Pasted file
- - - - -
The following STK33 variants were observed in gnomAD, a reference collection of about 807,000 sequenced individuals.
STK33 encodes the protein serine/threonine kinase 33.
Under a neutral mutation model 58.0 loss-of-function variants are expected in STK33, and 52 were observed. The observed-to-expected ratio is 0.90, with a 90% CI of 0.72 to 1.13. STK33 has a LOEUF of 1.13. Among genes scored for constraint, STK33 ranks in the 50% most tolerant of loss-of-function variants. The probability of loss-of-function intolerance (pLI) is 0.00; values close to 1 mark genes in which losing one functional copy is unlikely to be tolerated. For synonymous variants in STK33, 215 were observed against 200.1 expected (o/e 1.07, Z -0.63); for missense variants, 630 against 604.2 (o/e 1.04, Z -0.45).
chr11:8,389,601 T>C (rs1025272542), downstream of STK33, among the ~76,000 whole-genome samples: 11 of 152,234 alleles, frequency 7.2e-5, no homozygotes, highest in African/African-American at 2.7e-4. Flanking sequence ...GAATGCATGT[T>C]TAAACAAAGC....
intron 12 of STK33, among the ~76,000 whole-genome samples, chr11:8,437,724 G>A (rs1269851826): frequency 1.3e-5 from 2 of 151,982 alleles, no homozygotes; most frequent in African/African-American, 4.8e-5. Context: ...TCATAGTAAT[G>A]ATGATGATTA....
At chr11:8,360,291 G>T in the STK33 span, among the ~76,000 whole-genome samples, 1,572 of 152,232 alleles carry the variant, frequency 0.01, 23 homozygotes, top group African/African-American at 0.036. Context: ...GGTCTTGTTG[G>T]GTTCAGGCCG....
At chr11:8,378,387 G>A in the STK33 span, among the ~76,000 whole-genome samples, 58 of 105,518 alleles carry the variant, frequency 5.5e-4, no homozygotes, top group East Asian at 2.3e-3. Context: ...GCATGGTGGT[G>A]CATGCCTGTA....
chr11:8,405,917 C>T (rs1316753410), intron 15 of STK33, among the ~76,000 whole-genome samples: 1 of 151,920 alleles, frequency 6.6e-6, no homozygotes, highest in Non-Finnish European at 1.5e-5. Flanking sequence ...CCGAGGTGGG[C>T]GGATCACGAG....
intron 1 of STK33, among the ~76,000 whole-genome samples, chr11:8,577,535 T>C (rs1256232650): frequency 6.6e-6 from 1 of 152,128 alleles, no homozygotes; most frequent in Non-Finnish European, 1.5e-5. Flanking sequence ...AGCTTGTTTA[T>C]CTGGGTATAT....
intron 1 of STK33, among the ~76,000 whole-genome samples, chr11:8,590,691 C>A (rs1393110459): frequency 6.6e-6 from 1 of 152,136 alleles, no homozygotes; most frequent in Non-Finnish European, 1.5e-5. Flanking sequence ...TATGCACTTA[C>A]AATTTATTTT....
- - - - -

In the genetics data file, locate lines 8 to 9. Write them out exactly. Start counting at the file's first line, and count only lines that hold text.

chr11:8,405,917 C>T (rs1316753410), intron 15 of STK33, among the ~76,000 whole-genome samples: 1 of 151,920 alleles, frequency 6.6e-6, no homozygotes, highest in Non-Finnish European at 1.5e-5. Flanking sequence ...CCGAGGTGGG[C>T]GGATCACGAG....
intron 1 of STK33, among the ~76,000 whole-genome samples, chr11:8,577,535 T>C (rs1256232650): frequency 6.6e-6 from 1 of 152,128 alleles, no homozygotes; most frequent in Non-Finnish European, 1.5e-5. Flanking sequence ...AGCTTGTTTA[T>C]CTGGGTATAT....